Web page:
I originally wrote this dvar Torah on Friday, after returning from accompanying a shepherd who is constantly abused and harassed by the settler Moshe Shirvit.  The violence can include running his all-terrain vehicle to disperse flocks, throwing stones at them, or simply shouting and whistling and clapping to drive them off the lands Shirviti is trying to take over.  After almost two years of acting in this way, Shirvit recently tried verbal trickery. Yoel Marshak is an Israeli who has been trying to negotiate understandings between settlers and Palestinian shepherds by trying to get the Palestinians to agree to cede vast amounts of their needed grazing land in return for an end to settler violence and harassment.  Palestinians are today’s “fiddlers on roofs,” constantly trying to figure out how best to keep their balance and survive. Given their situation, I don’t have the right to tell them whether or not to take these deals. However, I hear from the shepherds themselves both that the deals do not leave them with sufficient grazing land, and that they know that the appetites of the settlers will not be sated. Their plan is that Palestinian lands will gradually be taken over through the “salami method,.” Verbal trickery. While the shepherd was clear all along that the deal was not acceptable, Moshe was sweet as punch for several weeks, hoping that the shepherd would give in.  Sometimes he called in Yoel to put on more pressure.  A few days ago, realizing that the shepherd would not give in, he said that if he doesn’t accept the deal, “I will show you what will happen.” What will happen started Thursday, as Shirvit returned to his usual ways. Along with four other thugs, he chased after the flock for some four hours, as our volunteers tried to stand between them and the scared animals. Even the efforts of a police officer to convince Moshe to calm off failed. Don’t ask me why the officer didn’t assert his authority. Why should the police cross the lords of the land? Friday was relatively quiet because the shepherd stayed close to home, and didn’t enter contested areas. However, the family has been suffering from “visits” to their homes, and the attempts to disperse the flock resumed today.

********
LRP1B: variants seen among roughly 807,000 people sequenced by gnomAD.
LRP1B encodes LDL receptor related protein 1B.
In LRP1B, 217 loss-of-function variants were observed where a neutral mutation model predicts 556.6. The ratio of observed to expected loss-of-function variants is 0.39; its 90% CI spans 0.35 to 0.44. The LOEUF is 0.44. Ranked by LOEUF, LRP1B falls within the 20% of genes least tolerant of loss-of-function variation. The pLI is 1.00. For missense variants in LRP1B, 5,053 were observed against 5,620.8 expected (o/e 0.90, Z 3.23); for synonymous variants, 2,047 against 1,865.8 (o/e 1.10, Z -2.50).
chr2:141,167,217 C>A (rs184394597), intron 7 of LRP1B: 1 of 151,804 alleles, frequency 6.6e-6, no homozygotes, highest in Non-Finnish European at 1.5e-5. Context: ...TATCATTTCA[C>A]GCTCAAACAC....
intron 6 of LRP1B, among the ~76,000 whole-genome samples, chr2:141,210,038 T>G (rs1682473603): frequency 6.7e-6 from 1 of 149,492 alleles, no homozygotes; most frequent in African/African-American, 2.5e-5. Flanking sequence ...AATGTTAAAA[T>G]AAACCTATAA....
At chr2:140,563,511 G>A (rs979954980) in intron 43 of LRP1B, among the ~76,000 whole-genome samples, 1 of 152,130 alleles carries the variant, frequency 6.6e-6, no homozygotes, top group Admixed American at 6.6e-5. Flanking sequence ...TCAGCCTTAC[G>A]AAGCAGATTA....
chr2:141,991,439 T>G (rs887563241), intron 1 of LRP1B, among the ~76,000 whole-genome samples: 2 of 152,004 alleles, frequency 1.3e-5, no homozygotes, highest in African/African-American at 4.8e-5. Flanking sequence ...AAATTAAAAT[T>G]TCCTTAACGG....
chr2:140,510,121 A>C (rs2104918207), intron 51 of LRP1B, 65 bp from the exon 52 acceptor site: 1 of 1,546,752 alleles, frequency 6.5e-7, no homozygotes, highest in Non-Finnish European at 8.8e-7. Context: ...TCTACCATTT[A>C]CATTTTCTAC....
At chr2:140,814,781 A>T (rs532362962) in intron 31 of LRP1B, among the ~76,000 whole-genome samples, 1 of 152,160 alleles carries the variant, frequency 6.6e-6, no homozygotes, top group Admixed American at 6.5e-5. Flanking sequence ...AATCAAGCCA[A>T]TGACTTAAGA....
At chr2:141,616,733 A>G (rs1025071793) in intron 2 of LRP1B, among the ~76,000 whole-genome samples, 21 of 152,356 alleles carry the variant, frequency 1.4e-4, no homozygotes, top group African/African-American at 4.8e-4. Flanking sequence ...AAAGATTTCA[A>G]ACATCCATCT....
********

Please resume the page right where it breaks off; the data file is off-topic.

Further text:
Again, there are those who will argue that this is precisely how strong, proud Jews divorced of galut mentality and fear of the international community should act. Ya’akov thought differently, and so should we.  As I explained last year, Rabbi Shimshon Rafael Hirsch interprets Ya’akov’s words as meaning that the methods employed by Shimon and and Levi must not be the guiding values of the Jewish people.  As I explained two years ago, Soforno also indicates that Shimon and Levi’s actins render them unfit for leadership.

May Ya’akov’s values be our values. Now as then, the proper way to treat fellow human beings is not simply a matter of what we have the power to get away with.  Now as then, those who advocate the use of trickery and violence should not be our leaders. May we fulfill Ya;akov’s aspirations for the Jewish people.

About the Author
Rabbi Arik Ascherman is the founder and director of the Israeli human rights organization "Torat Tzedek-Torah of Justice." Previously, he led "Rabbis For Human Rights" for 21 years. Rabbi Ascherman is a sought after lecturer, has received numerous prizes for his human rights work and has been featured in several documentary films, including the 2010 "Israel vs Israel." He and "Torat Tzedek" received the Rabbi David J. Forman Memorial Fund's Human Rights Prize fore 5779. Rabbi Ascherman is recognized as a role model for faith based human rights activism.